INDIANAPOLIS – Seventy-one Indiana legislators signed on to a brief filed Wednesday urging the Indiana Supreme Court to reconsider a hotly contested ruling limiting Hoosiers’ right to resist unlawful entry by police.
The members include those who were in office in 2006 who supported a new no retreat law they feel the ruling conflicts with, as well as newer lawmakers.
The Indiana Supreme Court found in May that citizens have no right under common law to reasonably resist police unlawfully entering their homes. Critics say this is a violation of the Fourth Amendment, which guards against unreasonable search and seizure. Supporters say it ensures officer safety, and that citizens can sue afterward over the entry.
The case involved a Vanderburgh County man who was arguing with his wife while moving out of their apartment. The man, Richard Barnes, yelled at police, who followed him back into his apartment. Barnes told police they could not enter, and he struggled with an officer who disregarded his warning.
Barnes was later charged and convicted of battery.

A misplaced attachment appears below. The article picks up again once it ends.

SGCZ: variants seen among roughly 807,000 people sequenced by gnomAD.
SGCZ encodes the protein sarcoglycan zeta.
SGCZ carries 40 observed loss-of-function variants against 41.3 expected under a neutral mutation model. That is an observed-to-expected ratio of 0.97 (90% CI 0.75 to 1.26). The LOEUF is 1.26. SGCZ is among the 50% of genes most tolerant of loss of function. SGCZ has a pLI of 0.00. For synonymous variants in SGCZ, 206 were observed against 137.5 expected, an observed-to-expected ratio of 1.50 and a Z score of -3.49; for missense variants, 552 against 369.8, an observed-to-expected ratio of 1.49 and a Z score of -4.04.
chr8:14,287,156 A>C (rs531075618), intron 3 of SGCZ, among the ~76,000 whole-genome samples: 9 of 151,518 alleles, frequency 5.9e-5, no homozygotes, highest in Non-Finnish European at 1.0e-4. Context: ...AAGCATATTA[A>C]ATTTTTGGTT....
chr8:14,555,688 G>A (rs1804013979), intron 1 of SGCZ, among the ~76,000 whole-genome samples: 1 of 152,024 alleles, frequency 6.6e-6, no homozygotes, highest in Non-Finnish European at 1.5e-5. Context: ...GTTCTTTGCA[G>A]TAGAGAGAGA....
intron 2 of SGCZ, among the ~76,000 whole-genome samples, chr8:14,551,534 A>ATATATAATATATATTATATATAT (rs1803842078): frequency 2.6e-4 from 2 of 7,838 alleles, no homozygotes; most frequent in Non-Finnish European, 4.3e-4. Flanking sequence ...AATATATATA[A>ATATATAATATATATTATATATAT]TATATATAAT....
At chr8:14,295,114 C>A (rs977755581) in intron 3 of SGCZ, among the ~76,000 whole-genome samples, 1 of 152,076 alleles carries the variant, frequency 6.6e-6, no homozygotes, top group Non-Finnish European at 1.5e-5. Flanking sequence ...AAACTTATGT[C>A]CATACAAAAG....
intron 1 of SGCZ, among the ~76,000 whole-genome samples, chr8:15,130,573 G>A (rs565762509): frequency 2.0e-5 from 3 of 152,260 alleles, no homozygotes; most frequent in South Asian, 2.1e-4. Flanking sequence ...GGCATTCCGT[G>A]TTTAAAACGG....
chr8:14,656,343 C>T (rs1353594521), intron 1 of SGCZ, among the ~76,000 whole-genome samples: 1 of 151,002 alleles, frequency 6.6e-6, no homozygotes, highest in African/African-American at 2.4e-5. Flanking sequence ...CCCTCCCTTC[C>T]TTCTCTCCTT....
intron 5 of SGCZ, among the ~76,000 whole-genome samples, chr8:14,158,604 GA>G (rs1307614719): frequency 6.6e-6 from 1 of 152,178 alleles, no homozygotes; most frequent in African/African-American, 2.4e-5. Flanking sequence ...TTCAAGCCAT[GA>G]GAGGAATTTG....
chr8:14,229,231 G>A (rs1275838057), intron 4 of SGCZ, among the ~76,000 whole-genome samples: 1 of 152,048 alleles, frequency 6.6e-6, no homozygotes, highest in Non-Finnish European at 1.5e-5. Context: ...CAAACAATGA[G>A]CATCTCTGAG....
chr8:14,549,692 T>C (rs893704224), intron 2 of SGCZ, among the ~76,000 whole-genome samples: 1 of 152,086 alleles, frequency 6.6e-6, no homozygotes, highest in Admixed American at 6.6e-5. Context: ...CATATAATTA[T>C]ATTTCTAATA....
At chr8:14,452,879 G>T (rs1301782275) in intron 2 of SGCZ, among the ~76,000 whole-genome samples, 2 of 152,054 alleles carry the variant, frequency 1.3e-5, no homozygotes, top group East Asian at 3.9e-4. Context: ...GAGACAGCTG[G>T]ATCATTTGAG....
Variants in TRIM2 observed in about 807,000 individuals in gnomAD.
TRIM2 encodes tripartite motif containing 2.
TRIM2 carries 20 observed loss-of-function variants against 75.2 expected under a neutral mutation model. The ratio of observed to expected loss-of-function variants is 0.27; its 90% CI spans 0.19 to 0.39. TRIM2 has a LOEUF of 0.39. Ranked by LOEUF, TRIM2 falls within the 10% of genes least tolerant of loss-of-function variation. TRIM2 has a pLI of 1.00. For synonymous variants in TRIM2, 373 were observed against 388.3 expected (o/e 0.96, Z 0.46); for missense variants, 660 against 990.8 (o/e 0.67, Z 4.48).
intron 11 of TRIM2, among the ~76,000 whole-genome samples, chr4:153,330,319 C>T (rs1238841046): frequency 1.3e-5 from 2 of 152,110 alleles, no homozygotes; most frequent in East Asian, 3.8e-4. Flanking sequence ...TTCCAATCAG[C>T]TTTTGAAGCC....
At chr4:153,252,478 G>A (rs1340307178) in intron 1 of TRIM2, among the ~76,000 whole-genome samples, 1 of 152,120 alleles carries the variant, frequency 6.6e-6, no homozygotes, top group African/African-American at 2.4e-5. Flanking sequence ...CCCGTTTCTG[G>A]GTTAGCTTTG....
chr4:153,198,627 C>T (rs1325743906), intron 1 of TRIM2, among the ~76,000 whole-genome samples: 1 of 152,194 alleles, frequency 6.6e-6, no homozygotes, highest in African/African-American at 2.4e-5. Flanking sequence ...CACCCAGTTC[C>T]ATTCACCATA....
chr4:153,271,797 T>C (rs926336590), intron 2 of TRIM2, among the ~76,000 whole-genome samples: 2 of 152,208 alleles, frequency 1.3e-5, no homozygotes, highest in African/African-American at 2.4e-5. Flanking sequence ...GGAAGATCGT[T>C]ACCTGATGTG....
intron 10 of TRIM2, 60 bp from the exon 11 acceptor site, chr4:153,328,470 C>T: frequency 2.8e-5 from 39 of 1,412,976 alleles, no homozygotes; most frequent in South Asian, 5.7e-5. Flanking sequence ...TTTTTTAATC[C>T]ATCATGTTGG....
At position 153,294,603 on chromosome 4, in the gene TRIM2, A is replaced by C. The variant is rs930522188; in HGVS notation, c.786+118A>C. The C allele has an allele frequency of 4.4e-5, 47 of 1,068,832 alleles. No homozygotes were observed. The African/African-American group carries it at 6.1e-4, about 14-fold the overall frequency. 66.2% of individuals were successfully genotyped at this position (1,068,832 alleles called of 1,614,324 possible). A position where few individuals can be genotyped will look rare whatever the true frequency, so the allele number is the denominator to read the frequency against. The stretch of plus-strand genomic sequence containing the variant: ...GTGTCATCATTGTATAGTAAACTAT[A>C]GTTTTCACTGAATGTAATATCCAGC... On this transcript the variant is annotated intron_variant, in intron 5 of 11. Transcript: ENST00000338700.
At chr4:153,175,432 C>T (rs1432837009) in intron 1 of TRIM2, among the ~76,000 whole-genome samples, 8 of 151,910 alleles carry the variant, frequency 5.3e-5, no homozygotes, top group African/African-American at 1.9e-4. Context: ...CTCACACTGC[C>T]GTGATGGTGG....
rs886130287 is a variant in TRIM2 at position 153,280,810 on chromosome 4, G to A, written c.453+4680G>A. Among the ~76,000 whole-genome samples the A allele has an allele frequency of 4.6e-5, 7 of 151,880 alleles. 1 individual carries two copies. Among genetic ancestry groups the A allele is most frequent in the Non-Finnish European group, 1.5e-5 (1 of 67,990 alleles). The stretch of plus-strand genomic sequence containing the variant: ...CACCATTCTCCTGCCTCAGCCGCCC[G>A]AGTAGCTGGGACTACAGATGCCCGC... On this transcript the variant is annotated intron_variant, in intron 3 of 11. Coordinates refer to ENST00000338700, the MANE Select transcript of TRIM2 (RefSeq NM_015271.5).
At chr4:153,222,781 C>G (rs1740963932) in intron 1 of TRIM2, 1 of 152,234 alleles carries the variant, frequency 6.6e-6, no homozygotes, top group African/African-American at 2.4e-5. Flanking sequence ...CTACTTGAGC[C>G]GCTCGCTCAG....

Opponents of the ruling say the court – in a 3-2 decision – could have ruled more narrowly.
The 2006 no retreat law also was not considered in the opinion.
It says a person is justified in using reasonable force, including deadly force, against another person if the person reasonably believes that the force is necessary to prevent or terminate the other person’s unlawful entry of or attack on the person’s property.
There is no exception in the law for police.
Few issues before this court have galvanized the public’s attention and concern as the declaration in this case, the brief said. The public policy of this state, as embodied in the 2006 legislation, has been to grant our citizens greater autonomy to protect themselves from unlawful incursions into their homes.
Since the ruling Hoosiers all over the state have spoken against it, including Gov. Mitch Daniels. Opponents also conducted a Statehouse rally protesting the decision.
A number of area legislators are included in the brief: Sen. David Long, R-Fort Wayne; Sen. Jim Banks, R-Columbia City; Sen. Sue Glick, R-LaGrange; Sen. Travis Holdman, R-Markle; Sen. Dennis Kruse, R-Auburn; Sen. Tom Wyss, R-Fort Wayne; Rep. Dick Dodge, R-Pleasant Lake; Rep. Dan Leonard, R-Huntington; Rep. Robert Morris, R-Fort Wayne; Rep. Win Moses, D-Fort Wayne; Rep. David Wolkins, R-Winona Lake.
They went beyond the facts of the case, Long said.
The Evansville defense attorney handling the case has until Monday to officially file for a rehearing, which Attorney General Greg Zoeller has said he will support.